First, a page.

While sitting on my patio this morning, I started thinking how things have changed. Growing up in the 1950s and living this long, I would have never imagined:
I would marry more than once.
Would have hitchhiked.
Driven an 18 wheeler.
I would travel around the country playing pool to earn money.
Would have danced for a living.
Would become an area supervisor for a company.
Would have become a general manager for two companies.
Would have written three books.
Would have lived to retirement.
See a President assassinated.
Live through several war times.
Watched men walk on the moon.
See cars cost more than the house where I grew up.
See cars cost more than the first house I owned.
Live through several surgeries and one stroke.
Survive breast cancer.
Have a tattoo, much less more than one or six.
Watch friends die.
Watch my parents die.
Would learn to whitewater canoe and kayak and love both.
Would have lived in seven states for longer than a year or twenty.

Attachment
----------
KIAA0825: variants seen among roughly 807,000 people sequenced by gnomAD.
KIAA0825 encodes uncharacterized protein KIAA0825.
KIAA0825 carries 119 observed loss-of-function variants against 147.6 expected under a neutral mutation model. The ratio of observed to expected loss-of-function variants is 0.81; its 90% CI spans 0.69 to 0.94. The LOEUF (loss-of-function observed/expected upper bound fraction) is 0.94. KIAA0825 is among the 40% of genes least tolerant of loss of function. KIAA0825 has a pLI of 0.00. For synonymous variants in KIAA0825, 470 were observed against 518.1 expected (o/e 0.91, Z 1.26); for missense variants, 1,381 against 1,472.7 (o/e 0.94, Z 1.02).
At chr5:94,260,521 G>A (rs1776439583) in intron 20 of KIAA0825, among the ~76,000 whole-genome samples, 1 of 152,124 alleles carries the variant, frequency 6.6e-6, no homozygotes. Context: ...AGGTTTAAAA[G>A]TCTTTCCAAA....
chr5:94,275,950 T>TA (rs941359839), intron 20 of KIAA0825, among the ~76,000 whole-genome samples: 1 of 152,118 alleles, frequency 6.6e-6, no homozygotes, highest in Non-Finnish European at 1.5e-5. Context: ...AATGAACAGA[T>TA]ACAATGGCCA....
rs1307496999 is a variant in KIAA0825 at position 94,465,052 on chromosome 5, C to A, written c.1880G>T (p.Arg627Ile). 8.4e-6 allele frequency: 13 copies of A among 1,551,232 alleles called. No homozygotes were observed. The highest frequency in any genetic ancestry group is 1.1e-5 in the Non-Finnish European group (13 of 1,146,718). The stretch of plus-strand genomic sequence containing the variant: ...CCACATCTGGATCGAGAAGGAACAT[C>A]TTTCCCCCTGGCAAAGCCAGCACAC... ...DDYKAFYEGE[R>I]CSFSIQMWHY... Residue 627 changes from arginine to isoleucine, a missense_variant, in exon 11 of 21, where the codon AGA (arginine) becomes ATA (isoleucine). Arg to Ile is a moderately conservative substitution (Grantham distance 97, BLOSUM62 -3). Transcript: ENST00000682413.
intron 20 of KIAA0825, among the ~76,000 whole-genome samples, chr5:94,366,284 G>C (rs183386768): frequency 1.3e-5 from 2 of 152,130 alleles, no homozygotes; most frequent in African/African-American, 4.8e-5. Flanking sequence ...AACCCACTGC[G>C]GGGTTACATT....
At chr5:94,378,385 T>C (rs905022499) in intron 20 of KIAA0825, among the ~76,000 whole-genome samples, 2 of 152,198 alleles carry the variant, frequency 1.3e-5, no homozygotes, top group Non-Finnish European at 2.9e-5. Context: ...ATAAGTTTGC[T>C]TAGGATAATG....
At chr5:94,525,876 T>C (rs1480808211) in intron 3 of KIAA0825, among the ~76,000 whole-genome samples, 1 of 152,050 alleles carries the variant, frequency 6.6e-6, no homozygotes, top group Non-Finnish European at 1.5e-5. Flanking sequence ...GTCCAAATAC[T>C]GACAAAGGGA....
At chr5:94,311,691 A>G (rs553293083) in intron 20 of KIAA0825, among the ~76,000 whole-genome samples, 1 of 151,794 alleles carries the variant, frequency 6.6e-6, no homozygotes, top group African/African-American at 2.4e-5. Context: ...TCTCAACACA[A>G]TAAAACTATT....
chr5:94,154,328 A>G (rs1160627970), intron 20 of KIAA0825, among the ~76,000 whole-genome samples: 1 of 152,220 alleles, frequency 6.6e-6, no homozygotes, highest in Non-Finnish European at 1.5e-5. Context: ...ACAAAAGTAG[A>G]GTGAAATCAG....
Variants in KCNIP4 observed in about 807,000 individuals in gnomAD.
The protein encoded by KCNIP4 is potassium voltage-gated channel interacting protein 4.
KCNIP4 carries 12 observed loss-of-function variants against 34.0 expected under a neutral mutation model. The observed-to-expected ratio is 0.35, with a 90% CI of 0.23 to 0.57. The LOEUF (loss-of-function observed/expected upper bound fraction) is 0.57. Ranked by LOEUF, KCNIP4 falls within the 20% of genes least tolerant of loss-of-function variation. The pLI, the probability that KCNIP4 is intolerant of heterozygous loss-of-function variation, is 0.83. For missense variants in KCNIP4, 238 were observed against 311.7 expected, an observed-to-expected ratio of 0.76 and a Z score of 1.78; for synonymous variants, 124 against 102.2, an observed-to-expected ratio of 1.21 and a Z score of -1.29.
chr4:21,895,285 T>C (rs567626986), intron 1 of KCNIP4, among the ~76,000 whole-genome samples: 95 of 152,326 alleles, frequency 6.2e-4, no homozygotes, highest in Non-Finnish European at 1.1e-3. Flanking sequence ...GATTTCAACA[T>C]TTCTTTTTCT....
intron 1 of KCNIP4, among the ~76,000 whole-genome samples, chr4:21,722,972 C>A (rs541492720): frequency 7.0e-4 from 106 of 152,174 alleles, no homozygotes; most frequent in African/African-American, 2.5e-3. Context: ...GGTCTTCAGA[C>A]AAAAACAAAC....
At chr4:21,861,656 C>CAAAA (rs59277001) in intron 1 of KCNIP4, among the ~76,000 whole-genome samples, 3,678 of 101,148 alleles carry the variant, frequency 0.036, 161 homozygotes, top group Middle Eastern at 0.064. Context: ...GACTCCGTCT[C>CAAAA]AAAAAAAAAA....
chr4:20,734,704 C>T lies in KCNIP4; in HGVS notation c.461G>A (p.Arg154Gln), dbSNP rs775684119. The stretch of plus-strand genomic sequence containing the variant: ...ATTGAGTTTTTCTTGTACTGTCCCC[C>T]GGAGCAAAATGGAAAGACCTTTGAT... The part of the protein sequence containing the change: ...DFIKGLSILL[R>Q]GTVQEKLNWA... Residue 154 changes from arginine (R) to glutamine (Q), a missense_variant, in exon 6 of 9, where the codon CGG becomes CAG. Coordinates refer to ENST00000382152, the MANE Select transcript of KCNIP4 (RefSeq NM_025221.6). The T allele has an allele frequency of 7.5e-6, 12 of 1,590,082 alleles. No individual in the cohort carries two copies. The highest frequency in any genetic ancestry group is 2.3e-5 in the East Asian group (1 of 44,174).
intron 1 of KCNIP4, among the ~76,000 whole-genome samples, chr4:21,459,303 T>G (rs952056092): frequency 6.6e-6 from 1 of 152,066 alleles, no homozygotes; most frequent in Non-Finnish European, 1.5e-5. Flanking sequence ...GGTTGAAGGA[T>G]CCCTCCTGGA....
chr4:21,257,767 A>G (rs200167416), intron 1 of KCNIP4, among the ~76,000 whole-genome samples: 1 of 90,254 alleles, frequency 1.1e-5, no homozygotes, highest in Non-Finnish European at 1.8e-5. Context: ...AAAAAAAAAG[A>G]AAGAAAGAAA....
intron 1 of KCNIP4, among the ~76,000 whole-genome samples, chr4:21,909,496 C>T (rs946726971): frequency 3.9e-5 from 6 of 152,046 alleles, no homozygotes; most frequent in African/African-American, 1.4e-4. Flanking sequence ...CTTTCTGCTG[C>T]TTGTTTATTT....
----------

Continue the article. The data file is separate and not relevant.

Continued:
No, I would have never imagined any of these things and yet here I sit having experienced all of these things and so much more. Each and every experience has helped make me who I am today.
Being honest with myself, I know I’m looking at the part of my life. It might only be a day, a year, or thirty years. Does it make me sad? No, it makes me wonder how many more new experiences I can cram into what time I have left.
Someone once told me I never stay in one spot very long, like that was a bad thing. I don’t even sit in the same chair very long at my house. Too much to see and do in this life, people to meet and places to go.
It was pretty much expected in the 1950s; I would marry, have 2-4 children, more than likely be a stay at home mom, or have a woman’s job (secretary, banking, maybe a nurse). I would live in the same area I grew up in, and spend Sundays with the family and Grandparents.
Somewhere along the line things just didn’t work out like that for me. That’s okay, it’s been fun.